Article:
Monday, July 29, 2013

he Beet me to it

A strange thing happened at our house last month.
In one of those Freaky Friday moments, it was like I was him and he was me.
Cause somewhere in the midst of my KID shorts drafting, drawing, and escaping at night to work on the pattern....Casey took up pickling.
Ya see, we were having dinner at a friend's house and our friend asked if we liked beets.
"I think they taste like dirt," he told us (always a great selling point). And then he offered us all the beets we wanted from his garden....along with some lovely heirloom tomatoes I should add.  Guess he couldn't wait to unload those things.  In fact, I came back the next week to get a photo of the beet plants and they were already pulled out! (with new zucchini in their place)
Well, Casey happens to love beets.
And he got super excited about this idea of having homemade pickled beets.
"Awesome. Great! We'd love some beets.  I'm sure Dana can figure out a pickling recipe. She's good at that stuff....or maybe I'll even try doing it myself"
And while I totally appreciated the DIY compliment,
I was trying to put out a sewing pattern using precious small moments of free time in the chaos of constant kid-life....and now I had to stall everything for 2 days to figure out how to can and pickle what was just sold to me as "dirt"?

That's how it sounded in my head.

 What came out of my mouth was, "thanks for the beets!"
...and then they sat in a bag on our back porch for 3 days,
till Casey decided to do something about it.

At 10pm on a Saturday night I settled in on the couch to check instagram while he casually mentioned he was going to the store to pick up some canning jars.  Really?  Wow.   You're going to start a canning project this late at night?  Of course, duh, that's often when I start unrealistic projects.  So I tried not to squash the energy and loved that he was really going to try this on his own.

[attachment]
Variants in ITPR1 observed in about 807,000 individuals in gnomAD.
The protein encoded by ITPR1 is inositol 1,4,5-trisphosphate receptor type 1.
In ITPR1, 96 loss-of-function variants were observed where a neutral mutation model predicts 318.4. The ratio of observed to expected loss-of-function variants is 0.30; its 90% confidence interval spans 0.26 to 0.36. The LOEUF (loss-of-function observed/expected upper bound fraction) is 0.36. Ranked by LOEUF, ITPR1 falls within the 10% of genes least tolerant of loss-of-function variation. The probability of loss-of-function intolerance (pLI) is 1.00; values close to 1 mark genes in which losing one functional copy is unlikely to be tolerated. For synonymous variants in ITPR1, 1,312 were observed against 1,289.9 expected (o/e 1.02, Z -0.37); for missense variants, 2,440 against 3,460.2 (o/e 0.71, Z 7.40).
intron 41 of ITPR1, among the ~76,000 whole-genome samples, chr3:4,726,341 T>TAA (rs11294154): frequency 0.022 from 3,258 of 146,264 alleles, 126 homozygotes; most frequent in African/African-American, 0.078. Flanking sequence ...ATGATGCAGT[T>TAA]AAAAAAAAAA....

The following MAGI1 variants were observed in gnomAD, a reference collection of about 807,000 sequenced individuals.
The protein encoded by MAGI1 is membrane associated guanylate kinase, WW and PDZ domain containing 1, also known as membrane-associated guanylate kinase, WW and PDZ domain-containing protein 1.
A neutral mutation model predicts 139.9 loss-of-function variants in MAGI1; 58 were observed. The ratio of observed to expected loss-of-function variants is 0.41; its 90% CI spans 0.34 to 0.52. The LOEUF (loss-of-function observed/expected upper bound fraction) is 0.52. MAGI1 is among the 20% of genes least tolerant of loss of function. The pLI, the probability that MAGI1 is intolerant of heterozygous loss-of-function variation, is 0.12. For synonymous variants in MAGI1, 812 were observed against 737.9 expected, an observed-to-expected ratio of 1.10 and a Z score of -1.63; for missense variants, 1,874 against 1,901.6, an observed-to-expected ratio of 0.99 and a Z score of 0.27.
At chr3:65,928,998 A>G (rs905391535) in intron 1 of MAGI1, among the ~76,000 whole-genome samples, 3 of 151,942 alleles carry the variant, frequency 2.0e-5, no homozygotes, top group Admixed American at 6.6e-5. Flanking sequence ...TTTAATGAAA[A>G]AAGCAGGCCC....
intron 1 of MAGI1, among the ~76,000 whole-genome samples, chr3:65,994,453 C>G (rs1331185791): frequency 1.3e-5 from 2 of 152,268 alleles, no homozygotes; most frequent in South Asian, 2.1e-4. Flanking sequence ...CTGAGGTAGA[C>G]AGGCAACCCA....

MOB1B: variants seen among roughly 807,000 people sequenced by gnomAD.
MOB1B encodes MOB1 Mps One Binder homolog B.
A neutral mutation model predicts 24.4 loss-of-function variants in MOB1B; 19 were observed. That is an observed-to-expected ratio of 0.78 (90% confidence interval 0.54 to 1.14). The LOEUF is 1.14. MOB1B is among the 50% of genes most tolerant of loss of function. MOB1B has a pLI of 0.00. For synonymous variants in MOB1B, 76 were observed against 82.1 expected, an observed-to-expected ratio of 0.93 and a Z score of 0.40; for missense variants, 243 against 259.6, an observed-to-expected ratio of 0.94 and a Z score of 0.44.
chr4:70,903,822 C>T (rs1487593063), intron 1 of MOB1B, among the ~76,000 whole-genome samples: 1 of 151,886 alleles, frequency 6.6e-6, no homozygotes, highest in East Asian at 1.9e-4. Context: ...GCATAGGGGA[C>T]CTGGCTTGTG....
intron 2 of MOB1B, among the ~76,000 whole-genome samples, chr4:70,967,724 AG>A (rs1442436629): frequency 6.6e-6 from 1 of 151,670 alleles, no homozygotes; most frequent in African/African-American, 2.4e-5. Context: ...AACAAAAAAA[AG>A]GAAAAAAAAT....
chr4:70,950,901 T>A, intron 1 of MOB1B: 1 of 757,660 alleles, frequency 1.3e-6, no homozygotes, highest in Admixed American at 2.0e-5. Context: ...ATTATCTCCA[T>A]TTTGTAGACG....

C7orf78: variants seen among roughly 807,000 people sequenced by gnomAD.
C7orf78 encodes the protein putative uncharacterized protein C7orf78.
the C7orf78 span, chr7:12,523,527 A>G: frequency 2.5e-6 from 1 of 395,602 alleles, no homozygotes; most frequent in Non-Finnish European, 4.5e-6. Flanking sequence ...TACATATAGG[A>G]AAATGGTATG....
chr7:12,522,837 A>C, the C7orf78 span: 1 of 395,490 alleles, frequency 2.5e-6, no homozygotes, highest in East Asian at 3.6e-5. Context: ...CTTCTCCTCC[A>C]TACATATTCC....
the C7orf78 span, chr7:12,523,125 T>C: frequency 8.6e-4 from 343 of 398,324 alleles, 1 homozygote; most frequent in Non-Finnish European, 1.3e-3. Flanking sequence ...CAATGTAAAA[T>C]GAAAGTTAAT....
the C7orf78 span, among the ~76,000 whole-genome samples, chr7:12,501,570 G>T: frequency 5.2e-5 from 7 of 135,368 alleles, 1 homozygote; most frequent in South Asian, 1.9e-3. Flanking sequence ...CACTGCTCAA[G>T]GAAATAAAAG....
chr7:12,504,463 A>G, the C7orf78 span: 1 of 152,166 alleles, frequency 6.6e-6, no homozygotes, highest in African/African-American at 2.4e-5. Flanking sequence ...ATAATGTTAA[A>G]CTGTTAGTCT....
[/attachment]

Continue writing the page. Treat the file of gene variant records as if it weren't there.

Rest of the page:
And he totally did!  It was really fun to watch.  He spent the first night prepping everything.  And in the morning, he pickled away.
He's a pickler.
 He followed a recipe similar to THIS (and halved the recipe amounts)
He learned tricks for removing the skins, figured out how to sterilize jars, realized what whole cloves were,
and took pride in his new discoveries.
There's a DIYer in us all, right?
Of course Casey's always been good at creative projects.  He installed all that backsplash you see behind him.  I appreciate a handy guy.  And now a pickling guy.
There you have it folks.
Pickled Beets! 
And then he told Lucy all about it.
She was thrilled.
The real test came 2 weeks later when he broke open the first jar and gave it a taste.
He cut the first beet into pieces for all of us to try (and shockers of shocks, the kids actually tried some!  They didn't like it, but they tried).
 And what did Casey think?
I'm gonna leave him to his 10pm devices more often.

Friday, July 26, 2013

KID Shorts: Pockets with Trim

Welcome back to our KID Shorts series.
You guys have been sewing up a summer storm and I love it!
• Check out what everyone's making in the YOU MADE IT Flickr Group. 
• And if you're on Instagram, tag your photos to #kidshortsmade (you'll find me @danamadeit)
This post is one of many tutorials that accompany the KID Shorts PATTERN, which you can purchase HERE.
So far we've tried Basic Shorts, Flat Front, Racer Shorts, and Front Pockets (click a button for the full tutorial): 

Now let's add another detail; a tiny detail with big personality... 
I love love love Bias Tape and Piping.

They add that perfect pop of color to clothing that might feel simple or plain (not that I don't like simple things.  You know I do).  But even with just solid colors, you can create totally stylin' shorts.
And we'll help you do that in a few easy steps, with both bias tape and piping
If you've never used Bias Tape read all about it HERE.
And, if you've never used piping don't be scared.  It's much easier than you think!

Okay.  Let's start with BIAS TAPE.
We're going to use our KID Shorts pattern, which you can purchase HERE.  If you’re using a different pattern or if you’ve created your own pattern, follow along with the instructions and make shorts with us.

I'm sewing the Flat Front version and adding Front Pockets.
Use the info in the pattern to determine your size and amount of fabric needed.  Then cut out your Front and Back pieces and Pockets.